electric arcs are the only source of heat in this style of furnace.

Electric furnaces can be used to do the same work as is done in
crucible furnaces--that is to say, merely melt a charge of carefully
selected pure raw materials. On the other hand it can be used to
produce very high-grade steel from cheap and impure metal, when
it acts more like an open-hearth furnace. It can push the refining
even further than the latter furnace does, for two reasons: first
the bath is not swept continuously by a flaming mass of gases;
second, the temperature can be run up higher, enabling the operator
to make up slags which are difficult to melt but very useful to
remove small traces of impurities from the metal.

Electric furnaces are widely used, not only in the iron industry,
but in brass, copper and aluminum works. It is a useful melter of
cold metal for making castings. It can be used to convert iron
into steel or vice versa. Its most useful sphere, however, is as a
refiner of metal, wherein it takes either cold steel or molten steel
from open hearth or bessemer furnaces, and gives it the finishing

As an illustration of the furnace reactions that take place the
following schedule is given, showing the various stages in the
making of a heat of electric steel. The steel to be made was a
high-carbon chrome steel used for balls for ball bearings:


11:50 A.M.--Material charged:
Boiler plate 5,980 lb.
Stampings 5,991 lb.
11,971 lb.
Limestone 700 lb.
12:29 P.M.--Completed charging (current switched on).
3:20 P.M.--Charge melted down.
Preliminary analysis under black slag.
Carbon Silicon Sulphur Phosphorus Manganese
0.06 0.014 0.032 0.009 0.08
Note the practical elimination of phosphorus.
3:40 P.M.--The oxidizing (black) slag is now poured and skimmed off as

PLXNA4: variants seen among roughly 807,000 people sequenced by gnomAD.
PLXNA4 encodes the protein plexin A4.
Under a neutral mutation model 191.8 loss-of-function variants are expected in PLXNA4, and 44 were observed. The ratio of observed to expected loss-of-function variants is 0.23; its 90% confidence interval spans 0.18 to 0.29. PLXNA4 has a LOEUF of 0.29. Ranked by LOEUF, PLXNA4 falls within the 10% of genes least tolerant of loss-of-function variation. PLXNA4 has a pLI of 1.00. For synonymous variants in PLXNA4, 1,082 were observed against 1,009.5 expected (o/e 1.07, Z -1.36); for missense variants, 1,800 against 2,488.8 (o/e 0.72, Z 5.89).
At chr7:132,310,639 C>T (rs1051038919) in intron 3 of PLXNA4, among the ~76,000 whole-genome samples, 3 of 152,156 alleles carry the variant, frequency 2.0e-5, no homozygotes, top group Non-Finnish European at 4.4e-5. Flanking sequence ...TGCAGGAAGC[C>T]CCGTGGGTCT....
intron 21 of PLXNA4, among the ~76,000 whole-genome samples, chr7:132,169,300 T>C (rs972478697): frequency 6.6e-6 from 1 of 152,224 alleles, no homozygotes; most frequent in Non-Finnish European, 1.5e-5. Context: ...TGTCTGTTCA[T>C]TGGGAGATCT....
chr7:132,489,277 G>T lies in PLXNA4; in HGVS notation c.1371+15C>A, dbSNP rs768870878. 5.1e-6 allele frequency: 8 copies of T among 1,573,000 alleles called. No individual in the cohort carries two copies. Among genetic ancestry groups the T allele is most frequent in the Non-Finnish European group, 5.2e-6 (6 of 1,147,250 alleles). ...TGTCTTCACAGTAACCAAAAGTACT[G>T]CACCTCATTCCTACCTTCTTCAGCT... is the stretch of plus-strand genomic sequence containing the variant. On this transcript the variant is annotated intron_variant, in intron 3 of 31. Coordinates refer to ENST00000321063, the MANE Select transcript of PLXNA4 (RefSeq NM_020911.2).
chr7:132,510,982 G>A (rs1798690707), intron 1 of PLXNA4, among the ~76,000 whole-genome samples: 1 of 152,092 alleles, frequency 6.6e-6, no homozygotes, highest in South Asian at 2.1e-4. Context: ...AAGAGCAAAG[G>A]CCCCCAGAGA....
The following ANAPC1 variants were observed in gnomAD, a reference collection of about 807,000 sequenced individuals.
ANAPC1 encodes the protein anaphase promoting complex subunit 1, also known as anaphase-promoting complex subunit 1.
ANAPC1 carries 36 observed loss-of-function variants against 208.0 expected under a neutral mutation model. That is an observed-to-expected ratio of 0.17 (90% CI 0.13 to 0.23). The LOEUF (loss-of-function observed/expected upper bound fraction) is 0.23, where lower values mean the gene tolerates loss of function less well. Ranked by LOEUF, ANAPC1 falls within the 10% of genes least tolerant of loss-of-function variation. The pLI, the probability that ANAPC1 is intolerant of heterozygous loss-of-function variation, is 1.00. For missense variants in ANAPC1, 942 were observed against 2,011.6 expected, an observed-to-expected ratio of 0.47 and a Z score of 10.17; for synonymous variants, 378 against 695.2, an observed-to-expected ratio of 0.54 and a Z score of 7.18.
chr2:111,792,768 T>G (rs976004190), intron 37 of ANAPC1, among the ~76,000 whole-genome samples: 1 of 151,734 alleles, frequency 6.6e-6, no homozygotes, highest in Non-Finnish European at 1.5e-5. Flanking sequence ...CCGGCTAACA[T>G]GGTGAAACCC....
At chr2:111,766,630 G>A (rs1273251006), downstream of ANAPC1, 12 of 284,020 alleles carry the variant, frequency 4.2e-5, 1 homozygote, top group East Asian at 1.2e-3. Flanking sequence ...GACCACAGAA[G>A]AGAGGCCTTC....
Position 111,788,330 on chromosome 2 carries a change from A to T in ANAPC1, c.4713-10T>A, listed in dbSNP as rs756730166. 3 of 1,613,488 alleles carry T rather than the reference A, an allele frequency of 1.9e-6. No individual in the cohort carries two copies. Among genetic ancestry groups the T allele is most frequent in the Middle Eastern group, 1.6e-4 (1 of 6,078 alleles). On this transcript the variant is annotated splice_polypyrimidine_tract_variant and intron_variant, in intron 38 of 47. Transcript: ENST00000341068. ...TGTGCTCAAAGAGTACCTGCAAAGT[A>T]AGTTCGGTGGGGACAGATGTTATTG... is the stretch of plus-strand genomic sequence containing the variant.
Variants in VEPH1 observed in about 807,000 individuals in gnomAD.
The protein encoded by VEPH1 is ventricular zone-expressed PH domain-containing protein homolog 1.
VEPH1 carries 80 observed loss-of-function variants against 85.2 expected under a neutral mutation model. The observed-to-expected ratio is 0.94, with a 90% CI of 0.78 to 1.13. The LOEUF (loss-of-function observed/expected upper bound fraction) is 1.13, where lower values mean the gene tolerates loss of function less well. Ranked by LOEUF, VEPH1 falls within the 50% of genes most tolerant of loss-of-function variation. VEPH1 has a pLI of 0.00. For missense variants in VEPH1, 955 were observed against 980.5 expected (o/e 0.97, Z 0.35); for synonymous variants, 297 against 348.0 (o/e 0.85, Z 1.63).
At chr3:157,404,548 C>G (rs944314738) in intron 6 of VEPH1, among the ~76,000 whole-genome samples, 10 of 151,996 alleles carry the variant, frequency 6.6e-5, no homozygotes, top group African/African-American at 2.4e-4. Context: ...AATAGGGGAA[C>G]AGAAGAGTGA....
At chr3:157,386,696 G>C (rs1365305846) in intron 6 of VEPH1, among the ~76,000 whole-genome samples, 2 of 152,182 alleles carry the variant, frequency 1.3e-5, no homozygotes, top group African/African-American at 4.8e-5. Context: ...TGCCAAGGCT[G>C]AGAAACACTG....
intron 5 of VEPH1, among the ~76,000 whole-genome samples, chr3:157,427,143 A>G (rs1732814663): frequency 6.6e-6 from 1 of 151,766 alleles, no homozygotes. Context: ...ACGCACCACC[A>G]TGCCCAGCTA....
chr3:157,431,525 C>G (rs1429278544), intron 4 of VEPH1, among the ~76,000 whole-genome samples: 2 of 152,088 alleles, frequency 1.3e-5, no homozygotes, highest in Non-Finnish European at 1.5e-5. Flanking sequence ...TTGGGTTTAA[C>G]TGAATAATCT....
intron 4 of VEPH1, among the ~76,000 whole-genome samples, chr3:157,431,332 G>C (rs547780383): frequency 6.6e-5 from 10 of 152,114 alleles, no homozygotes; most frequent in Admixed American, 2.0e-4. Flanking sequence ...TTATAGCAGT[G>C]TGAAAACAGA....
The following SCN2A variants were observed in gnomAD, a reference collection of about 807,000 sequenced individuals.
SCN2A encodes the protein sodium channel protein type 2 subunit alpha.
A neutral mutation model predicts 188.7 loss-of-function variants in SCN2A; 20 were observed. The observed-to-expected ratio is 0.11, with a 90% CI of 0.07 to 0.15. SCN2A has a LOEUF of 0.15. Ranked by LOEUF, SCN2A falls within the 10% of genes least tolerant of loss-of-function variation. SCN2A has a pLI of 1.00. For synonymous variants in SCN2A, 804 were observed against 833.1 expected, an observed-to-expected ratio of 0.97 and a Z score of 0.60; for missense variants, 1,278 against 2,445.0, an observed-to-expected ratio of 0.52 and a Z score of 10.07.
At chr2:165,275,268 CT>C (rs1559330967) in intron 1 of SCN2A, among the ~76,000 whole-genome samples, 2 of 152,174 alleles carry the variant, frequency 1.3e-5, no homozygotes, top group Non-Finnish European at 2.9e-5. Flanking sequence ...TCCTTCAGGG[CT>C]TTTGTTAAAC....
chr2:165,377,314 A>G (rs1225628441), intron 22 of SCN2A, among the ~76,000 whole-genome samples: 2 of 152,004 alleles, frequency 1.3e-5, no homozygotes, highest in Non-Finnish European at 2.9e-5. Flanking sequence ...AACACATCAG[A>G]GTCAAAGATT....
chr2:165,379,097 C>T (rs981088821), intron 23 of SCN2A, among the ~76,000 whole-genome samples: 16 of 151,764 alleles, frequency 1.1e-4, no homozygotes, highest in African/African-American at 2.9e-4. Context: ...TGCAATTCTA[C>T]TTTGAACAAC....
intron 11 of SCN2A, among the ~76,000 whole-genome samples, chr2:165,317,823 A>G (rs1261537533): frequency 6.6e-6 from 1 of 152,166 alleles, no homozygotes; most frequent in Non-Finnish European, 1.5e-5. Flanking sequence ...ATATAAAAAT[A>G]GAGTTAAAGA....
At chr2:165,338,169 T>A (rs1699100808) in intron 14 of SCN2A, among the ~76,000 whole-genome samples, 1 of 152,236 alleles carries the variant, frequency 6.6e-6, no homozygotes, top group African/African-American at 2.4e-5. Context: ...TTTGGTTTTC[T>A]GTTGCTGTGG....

clean as possible to prevent rephosphorizing and to permit of adding
carburizing materials. For this purpose carbon is added in the form
of powdered coke, ground electrodes or other forms of pure carbon.

The deoxidizing slag is now formed by additions of lime, coke and
fluorspar (and for some analyses ferrosilicon). The slag changes
from black to white as the metallic oxides are reduced by these
deoxidizing additions and the reduced metals return to the bath.
A good finishing slag is creamy white, porous and viscous. After
the slag becomes white, some time is necessary for the absorption
of the sulphur in the bath by the slag.

The white slag disintegrates to a powder when exposed to the atmosphere
and has a pronounced odor of acetylene when wet.

Further additions of recarburizing material are added as needed to
meet the analysis. The further reactions are shown by the following:

3:40 P.M.--Recarburizing material added:
130 lb. ground electrodes.
25 lb. ferromanganese.
Carbon Silicon Sulphur Phosphorus Manganese
0.76 0.011 0.030 0.008 0.26

To form white slag there was added:

225 lb. lime.
75 lb. powdered coke.
55 lb. fluorspar.
4:50 P.M.--
Carbon Silicon Sulphur Phosphorus Manganese
0.75 0.014 0.012 0.008 0.28
Note reduction of the sulphur content.

During the white-slag period the following alloying additions were

500 lb. pig iron.
80 lb. ferrosilicon.